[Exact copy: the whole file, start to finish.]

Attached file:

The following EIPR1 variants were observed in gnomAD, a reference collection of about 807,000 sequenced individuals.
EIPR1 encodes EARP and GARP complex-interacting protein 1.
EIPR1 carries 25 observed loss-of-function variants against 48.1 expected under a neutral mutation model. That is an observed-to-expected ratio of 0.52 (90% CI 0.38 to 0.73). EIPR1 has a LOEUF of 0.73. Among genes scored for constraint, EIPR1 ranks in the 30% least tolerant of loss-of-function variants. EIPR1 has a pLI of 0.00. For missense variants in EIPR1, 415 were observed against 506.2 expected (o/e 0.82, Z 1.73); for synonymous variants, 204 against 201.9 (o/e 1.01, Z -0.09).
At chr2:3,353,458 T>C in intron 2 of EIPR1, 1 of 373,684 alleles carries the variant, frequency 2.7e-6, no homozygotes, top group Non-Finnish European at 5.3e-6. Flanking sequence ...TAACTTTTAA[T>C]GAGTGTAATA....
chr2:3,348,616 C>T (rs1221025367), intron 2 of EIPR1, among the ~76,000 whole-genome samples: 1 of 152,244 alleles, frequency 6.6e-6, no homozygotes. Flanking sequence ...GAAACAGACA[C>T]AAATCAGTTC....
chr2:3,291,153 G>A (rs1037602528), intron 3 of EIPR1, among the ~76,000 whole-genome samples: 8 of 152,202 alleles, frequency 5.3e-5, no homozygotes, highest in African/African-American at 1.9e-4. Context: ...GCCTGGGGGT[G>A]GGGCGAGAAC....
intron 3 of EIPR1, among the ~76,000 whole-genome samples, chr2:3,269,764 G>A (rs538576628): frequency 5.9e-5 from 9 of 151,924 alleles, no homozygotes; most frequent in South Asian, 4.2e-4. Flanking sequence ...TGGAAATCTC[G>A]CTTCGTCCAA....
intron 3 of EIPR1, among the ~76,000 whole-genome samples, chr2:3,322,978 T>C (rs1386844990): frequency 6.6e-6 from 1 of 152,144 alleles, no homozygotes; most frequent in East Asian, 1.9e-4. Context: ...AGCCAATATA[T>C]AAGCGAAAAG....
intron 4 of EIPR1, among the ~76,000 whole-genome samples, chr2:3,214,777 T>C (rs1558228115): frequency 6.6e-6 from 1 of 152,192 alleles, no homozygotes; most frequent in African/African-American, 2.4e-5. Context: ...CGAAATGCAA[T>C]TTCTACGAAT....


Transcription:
The following EIPR1 variants were observed in gnomAD, a reference collection of about 807,000 sequenced individuals.
EIPR1 encodes EARP and GARP complex-interacting protein 1.
EIPR1 carries 25 observed loss-of-function variants against 48.1 expected under a neutral mutation model. That is an observed-to-expected ratio of 0.52 (90% CI 0.38 to 0.73). EIPR1 has a LOEUF of 0.73. Among genes scored for constraint, EIPR1 ranks in the 30% least tolerant of loss-of-function variants. EIPR1 has a pLI of 0.00. For missense variants in EIPR1, 415 were observed against 506.2 expected (o/e 0.82, Z 1.73); for synonymous variants, 204 against 201.9 (o/e 1.01, Z -0.09).
At chr2:3,353,458 T>C in intron 2 of EIPR1, 1 of 373,684 alleles carries the variant, frequency 2.7e-6, no homozygotes, top group Non-Finnish European at 5.3e-6. Flanking sequence ...TAACTTTTAA[T>C]GAGTGTAATA....
chr2:3,348,616 C>T (rs1221025367), intron 2 of EIPR1, among the ~76,000 whole-genome samples: 1 of 152,244 alleles, frequency 6.6e-6, no homozygotes. Flanking sequence ...GAAACAGACA[C>T]AAATCAGTTC....
chr2:3,291,153 G>A (rs1037602528), intron 3 of EIPR1, among the ~76,000 whole-genome samples: 8 of 152,202 alleles, frequency 5.3e-5, no homozygotes, highest in African/African-American at 1.9e-4. Context: ...GCCTGGGGGT[G>A]GGGCGAGAAC....
intron 3 of EIPR1, among the ~76,000 whole-genome samples, chr2:3,269,764 G>A (rs538576628): frequency 5.9e-5 from 9 of 151,924 alleles, no homozygotes; most frequent in South Asian, 4.2e-4. Flanking sequence ...TGGAAATCTC[G>A]CTTCGTCCAA....
intron 3 of EIPR1, among the ~76,000 whole-genome samples, chr2:3,322,978 T>C (rs1386844990): frequency 6.6e-6 from 1 of 152,144 alleles, no homozygotes; most frequent in East Asian, 1.9e-4. Context: ...AGCCAATATA[T>C]AAGCGAAAAG....
intron 4 of EIPR1, among the ~76,000 whole-genome samples, chr2:3,214,777 T>C (rs1558228115): frequency 6.6e-6 from 1 of 152,192 alleles, no homozygotes; most frequent in African/African-American, 2.4e-5. Context: ...CGAAATGCAA[T>C]TTCTACGAAT....